Legendary hardware hacker Andrew “bunnie” Huang (previously) has an open-source hardware company called Chibitronics; anyone can make their own version of a Chibitronics product, because Bunnie is convinced that his versions will be better and cheaper than theirs.
But what Bunnie isn’t cool with is any of a number of widespread scams that make any hardware business very difficult to sustain, including factories that run “third shifts” to produce off-the-books products; cheap shitty counterfeits whose failures are attributed to him; and a weird scam where hardware is claimed to be defective, returned for a refund to a depot that sells it as new, then it’s secretly sold and returned as defective again, and so on and so on…
Bunnie is now using a startup called “Bitmarks” to fight this: Bitmarks uses the blockchain to log the history of every product Chibitronics ships. These records can be retrieved by keying in a unique six-word phrase on a tamper-evident label that’s on every product. Bunnie provides enough labels to the factory subcontractor to put one on each ordered unit, but there are no spares to use for labeling a third shift. The identifiers track the history of each product, so if a unit that’s been returned as defective re-enters the stream, that’s immediately apparent.
It’s not a foolproof system, but it’s still a fascinating blockchain application, one of the most interesting I’ve seen so far.
We release just enough of these pre-printed labels to the factory to run our authorized production quantities. This allows us to trace a bitmark back to a given production lot. It also prevents “ghost shifting” – that is, authorized factories producing extra bootleg units on a midnight shift that are sold into the market at deep discounts. Bitmark created a website for us where customers can then claim their bitmarks, thus registering their product and making it eligible for warranty service. In the event of an exchange or return, the product’s bitmark is updated to record this event. Then if a product fails to be returned to the factory, it can’t be re-claimed as defective because the blockchain ledger would evidence that bitmark as being mapped to a previously returned product. This allows us to defer the repatriation of the product to the factory. It also enables us to use unverified third parties to handle returned goods, giving us a large range of options to reduce reverse logistics costs.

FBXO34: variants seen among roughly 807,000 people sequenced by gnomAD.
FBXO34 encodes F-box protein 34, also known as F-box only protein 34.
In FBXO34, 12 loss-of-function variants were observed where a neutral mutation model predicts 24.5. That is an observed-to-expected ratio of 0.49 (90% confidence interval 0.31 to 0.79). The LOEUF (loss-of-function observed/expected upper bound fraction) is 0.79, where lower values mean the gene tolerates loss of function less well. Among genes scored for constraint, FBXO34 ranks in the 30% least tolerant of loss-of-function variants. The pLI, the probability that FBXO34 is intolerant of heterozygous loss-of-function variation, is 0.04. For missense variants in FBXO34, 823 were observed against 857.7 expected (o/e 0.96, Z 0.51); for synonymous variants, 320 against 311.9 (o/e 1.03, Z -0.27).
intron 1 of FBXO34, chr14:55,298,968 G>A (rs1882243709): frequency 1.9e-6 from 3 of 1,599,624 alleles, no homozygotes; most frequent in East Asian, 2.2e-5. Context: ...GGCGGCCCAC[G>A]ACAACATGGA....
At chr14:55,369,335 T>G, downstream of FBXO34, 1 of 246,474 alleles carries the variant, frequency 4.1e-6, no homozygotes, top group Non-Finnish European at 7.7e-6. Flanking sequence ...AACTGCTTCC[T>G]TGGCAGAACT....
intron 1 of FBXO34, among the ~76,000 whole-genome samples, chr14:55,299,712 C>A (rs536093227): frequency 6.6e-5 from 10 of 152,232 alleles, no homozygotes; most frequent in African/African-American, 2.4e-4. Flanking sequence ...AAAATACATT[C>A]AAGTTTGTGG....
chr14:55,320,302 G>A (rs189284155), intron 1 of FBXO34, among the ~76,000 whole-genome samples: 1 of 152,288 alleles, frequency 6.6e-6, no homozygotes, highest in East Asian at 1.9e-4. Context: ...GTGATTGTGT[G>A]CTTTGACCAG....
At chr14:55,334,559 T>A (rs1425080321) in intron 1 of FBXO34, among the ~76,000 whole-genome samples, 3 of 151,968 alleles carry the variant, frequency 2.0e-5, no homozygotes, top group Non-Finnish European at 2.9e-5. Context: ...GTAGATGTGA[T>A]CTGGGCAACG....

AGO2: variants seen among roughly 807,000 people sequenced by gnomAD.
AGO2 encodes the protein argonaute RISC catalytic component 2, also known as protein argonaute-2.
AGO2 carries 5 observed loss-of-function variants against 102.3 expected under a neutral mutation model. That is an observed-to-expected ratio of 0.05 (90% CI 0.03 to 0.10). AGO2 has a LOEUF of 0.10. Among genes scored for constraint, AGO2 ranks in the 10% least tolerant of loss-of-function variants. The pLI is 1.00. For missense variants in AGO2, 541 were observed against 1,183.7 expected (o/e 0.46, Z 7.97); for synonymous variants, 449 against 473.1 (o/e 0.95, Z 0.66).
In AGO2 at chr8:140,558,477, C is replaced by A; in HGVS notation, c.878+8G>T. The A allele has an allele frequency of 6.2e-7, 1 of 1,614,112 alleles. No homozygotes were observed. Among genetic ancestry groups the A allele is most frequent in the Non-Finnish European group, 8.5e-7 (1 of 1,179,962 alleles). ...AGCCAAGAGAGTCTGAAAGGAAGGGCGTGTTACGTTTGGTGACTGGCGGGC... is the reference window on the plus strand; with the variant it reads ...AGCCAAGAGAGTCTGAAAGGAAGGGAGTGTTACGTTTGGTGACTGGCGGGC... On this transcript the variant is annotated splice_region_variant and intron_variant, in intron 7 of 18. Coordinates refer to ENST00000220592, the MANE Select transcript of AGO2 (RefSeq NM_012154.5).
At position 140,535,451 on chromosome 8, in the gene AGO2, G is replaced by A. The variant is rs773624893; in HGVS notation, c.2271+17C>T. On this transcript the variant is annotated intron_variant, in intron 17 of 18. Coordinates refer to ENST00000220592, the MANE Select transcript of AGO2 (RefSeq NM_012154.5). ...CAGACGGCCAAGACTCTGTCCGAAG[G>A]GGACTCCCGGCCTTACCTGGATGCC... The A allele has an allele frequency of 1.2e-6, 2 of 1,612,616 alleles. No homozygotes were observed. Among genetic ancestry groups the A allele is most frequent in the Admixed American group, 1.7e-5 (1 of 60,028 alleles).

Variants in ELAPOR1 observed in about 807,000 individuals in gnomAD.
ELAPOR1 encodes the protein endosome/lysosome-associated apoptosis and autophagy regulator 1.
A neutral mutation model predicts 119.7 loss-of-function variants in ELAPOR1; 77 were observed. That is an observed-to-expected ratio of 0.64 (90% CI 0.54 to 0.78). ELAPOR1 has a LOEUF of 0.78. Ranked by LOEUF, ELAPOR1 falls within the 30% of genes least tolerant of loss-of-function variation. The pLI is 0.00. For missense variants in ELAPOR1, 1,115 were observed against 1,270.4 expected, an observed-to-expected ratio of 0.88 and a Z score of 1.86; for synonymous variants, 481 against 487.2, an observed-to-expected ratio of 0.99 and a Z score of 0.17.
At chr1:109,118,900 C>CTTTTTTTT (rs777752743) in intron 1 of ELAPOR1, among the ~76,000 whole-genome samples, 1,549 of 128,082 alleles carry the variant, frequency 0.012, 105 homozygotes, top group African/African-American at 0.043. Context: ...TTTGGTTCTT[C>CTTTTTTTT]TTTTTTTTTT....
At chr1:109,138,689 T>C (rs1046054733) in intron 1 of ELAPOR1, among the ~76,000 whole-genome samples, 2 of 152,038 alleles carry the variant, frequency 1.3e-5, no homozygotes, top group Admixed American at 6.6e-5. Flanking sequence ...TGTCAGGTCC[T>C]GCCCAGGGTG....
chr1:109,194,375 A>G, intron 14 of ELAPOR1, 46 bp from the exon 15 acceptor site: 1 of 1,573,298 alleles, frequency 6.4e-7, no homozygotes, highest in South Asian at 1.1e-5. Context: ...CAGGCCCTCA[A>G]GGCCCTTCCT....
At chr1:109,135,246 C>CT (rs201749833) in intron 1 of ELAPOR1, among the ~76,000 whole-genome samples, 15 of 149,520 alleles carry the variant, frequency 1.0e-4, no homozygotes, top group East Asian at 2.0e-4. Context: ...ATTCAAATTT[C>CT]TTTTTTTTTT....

Bitmark also plans to roll out a site where users can verify the provenance of their bitmarks, so buyers can check if a product’s bitmark is authentic and if it has been previously returned for problems before they buy it. This increases the buyer’s confidence, thus potentially boosting the resale value of used Chibi Chips.
For the cost and convenience of a humble printed label, Bitmark enhances control over our factories, enables production lot traceability, deters cloning, prevents warranty fraud, enhances confidence in the secondary market, and gives us ample options to streamline our reverse logistics.
Of course, the solution isn’t perfect. A printed label can be peeled off one product and stuck on another, so people could potentially just peel labels off good products and resell the labels to users with broken clones looking to upgrade by committing warranty fraud. This scenario could be mitigated by using tamper-resistant labels. And for every label that’s copied by a cloner, there’s one victim who will have trouble getting support on an authentic unit. Also, if users are generally lax about claiming their bitmark codes, it creates an opportunity for labels to be sparsely duplicated in an effort to ghost-shift/clone without being detected; but this can be mitigated with a website update that encouraging customers to immediately register their bitmarks before using the web-based services tied to the product. We also have to exercise care in handling lists of unclaimed phrases because, until a customer registers their bitmark claim phrase in the blockchain, the phrases have value to would-be fraudsters.
Why I’m Using Bitmarks on my Products [Bunnie Huang]
One of the holy grails of free and open computing is a really great free/open phone; it’s been tried many times before without much success, but a new crowdfunder from Purism (who make a pretty great free/open laptop) has just crossed the $1,000,000 mark and is on track to hit its target of $1.5M in […]
As the Spanish government was hacking the Catalonian independence movement, shutting down the .cat top-level domain, and engaging mass-blocking of websites and apps to control information about yesterday’s referendum on Catalonian independence, the Xnet collective published a basic (but wide-ranging) guide to “preserving fundamental rights on the Internet,” suitable for anyone living under the kind […]
Zerodium is a cyber-arms dealer that produces hacking tools for governments by buying up newly discovered defects in widely used systems, weaponizing them and then selling them to be used against criminals, activists, journalists and other targets of state surveillance.